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Survey: More Ohioans Employed, But Still in Poverty

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Nearly 220,000 people in the Greater Cleveland area live in poverty. A new survey confirms many have to choose between buying food or paying for utilities, transportation or housing. (Adobe Stock)
Nearly 220,000 people in the Greater Cleveland area live in poverty. A new survey confirms many have to choose between buying food or paying for utilities, transportation or housing. (Adobe Stock)
August 8, 2019

CLEVELAND – More than half of Cleveland residents living at or below the poverty line say they can't get enough hours at work, or aren't making enough money to buy food and pay for transportation, child care and doctor visits, according to a new survey.

Cleveland remains one of the poorest cities in the country and, while employment is low, 18% of residents live in poverty.

Emily Campbell, a study co-author and associate director of The Center for Community Solutions, says many low-income workers feel their job prospects are dim.

"We heard that people have challenges getting enough hours at work; being in jobs that they feel like won't help their family get ahead and just not earning enough to be able to adequately support their families," she relates.

Campbell notes that more than one in four low-income workers in Cuyahoga County described a job as having no room for advancement, and one in six, work that wouldn’t let him or her get ahead.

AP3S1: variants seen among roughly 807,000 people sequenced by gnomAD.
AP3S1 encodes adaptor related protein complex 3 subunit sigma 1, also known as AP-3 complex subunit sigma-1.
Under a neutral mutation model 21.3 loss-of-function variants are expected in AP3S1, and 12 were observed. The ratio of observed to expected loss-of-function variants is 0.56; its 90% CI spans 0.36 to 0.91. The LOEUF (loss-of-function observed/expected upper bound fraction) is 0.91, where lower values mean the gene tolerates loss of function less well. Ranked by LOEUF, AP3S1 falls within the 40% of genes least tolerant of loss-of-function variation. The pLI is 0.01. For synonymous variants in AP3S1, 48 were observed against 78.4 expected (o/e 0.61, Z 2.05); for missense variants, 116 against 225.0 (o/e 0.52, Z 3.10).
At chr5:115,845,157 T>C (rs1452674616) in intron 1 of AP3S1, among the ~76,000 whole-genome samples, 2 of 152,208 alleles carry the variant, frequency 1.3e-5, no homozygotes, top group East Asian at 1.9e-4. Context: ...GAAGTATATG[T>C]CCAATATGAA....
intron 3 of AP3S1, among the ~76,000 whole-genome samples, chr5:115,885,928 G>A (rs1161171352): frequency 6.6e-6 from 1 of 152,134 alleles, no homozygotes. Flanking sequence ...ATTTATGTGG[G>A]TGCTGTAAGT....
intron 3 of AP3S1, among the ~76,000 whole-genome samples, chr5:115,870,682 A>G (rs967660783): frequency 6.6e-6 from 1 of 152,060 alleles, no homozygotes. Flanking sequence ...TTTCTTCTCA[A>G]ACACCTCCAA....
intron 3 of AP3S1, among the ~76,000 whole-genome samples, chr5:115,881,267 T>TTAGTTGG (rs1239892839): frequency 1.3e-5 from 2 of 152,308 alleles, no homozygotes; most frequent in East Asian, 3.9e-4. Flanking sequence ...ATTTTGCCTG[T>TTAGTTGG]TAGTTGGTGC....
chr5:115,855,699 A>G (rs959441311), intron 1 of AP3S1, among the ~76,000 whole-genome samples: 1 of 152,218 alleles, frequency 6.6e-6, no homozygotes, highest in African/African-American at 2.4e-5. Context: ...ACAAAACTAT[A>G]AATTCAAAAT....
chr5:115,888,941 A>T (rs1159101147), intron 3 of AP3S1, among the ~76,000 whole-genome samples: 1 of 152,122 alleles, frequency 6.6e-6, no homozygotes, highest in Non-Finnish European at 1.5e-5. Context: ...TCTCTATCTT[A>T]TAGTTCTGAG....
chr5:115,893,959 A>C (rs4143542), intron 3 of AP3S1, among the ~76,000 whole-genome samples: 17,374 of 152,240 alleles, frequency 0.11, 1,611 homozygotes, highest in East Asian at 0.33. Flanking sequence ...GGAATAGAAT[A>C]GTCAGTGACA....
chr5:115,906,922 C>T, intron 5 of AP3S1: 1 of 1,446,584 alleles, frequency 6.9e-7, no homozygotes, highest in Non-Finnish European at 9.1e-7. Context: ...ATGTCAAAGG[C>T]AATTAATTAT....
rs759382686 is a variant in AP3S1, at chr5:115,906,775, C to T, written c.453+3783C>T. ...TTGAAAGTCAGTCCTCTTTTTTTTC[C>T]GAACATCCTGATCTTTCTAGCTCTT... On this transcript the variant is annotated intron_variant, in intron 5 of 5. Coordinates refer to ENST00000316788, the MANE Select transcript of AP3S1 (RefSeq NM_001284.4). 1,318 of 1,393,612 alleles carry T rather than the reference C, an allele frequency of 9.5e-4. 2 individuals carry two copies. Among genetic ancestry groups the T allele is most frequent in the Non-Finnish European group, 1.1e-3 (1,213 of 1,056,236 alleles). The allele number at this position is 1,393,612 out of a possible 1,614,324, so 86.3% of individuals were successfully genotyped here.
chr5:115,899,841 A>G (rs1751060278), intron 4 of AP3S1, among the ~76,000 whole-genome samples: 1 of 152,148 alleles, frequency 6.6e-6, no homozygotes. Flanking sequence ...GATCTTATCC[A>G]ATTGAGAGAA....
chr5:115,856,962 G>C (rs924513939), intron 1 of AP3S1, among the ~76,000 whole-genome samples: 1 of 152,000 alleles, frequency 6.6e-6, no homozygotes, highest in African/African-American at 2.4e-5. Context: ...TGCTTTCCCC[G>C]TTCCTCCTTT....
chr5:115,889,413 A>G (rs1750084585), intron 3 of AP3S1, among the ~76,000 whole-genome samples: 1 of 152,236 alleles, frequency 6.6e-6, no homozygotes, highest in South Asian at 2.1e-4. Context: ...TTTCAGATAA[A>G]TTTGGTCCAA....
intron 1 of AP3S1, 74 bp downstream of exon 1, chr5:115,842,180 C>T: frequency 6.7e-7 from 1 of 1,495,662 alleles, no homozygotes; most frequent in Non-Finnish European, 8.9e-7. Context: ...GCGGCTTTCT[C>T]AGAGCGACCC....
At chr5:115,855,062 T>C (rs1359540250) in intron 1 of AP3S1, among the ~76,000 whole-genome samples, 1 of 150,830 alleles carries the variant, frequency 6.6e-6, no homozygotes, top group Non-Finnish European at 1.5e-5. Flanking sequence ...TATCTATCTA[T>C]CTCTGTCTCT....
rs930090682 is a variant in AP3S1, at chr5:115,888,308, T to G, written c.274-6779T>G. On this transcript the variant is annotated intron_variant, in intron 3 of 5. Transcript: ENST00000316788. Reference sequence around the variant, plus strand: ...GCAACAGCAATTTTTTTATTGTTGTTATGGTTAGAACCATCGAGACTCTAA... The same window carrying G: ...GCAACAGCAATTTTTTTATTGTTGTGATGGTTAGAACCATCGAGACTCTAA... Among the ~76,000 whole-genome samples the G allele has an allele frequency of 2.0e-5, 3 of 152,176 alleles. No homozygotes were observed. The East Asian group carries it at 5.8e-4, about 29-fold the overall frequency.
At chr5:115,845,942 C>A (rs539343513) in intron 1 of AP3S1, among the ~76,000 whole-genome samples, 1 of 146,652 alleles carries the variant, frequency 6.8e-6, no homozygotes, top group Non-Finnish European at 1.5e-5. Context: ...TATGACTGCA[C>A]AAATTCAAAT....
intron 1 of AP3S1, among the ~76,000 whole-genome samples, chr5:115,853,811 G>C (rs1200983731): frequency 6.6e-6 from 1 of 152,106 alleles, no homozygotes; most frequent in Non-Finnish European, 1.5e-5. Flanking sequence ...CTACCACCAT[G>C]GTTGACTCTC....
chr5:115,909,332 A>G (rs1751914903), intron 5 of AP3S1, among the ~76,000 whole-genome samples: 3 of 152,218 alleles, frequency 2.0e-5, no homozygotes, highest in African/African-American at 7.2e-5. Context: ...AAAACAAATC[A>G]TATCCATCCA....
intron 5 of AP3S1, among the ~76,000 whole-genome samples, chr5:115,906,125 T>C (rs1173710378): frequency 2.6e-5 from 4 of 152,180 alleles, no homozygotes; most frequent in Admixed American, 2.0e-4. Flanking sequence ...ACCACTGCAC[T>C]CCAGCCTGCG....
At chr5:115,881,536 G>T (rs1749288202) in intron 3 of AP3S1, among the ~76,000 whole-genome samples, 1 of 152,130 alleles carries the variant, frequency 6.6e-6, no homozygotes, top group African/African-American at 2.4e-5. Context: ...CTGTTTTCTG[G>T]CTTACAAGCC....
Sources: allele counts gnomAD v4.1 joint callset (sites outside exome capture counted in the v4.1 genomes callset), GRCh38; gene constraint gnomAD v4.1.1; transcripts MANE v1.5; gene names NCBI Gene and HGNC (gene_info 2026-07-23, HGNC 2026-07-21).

Experts say raising Ohio's $8.55-per-hour minimum wage to $15 would help push more workers above the poverty line.

And not all jobs are created equal.

Campbell points out that six of Ohio's 10 most common jobs, including food service and retail, pay so little that employees would have to rely on federal food assistance to feed a family of three.

"Another interesting finding is that about 50% of the people surveyed were currently working at the time of the survey, either part-time or full-time, but they still weren't learning enough money to be above those poverty thresholds," she adds.

The survey also found that many lower-income people turn to high interest, payday loans to make ends meet.

Campbell says limiting the amount of interest charged on short-term loans, and helping people with low incomes and low credit scores establish traditional bank accounts, also would buffer some from falling further into poverty.

Disclosure: The Center for Community Solutions contributes to our fund for reporting on Budget Policy & Priorities, Health Issues, Poverty Issues, Welfare Reform. If you would like to help support news in the public interest, click here.
Nadia Ramlagan, Public News Service - OH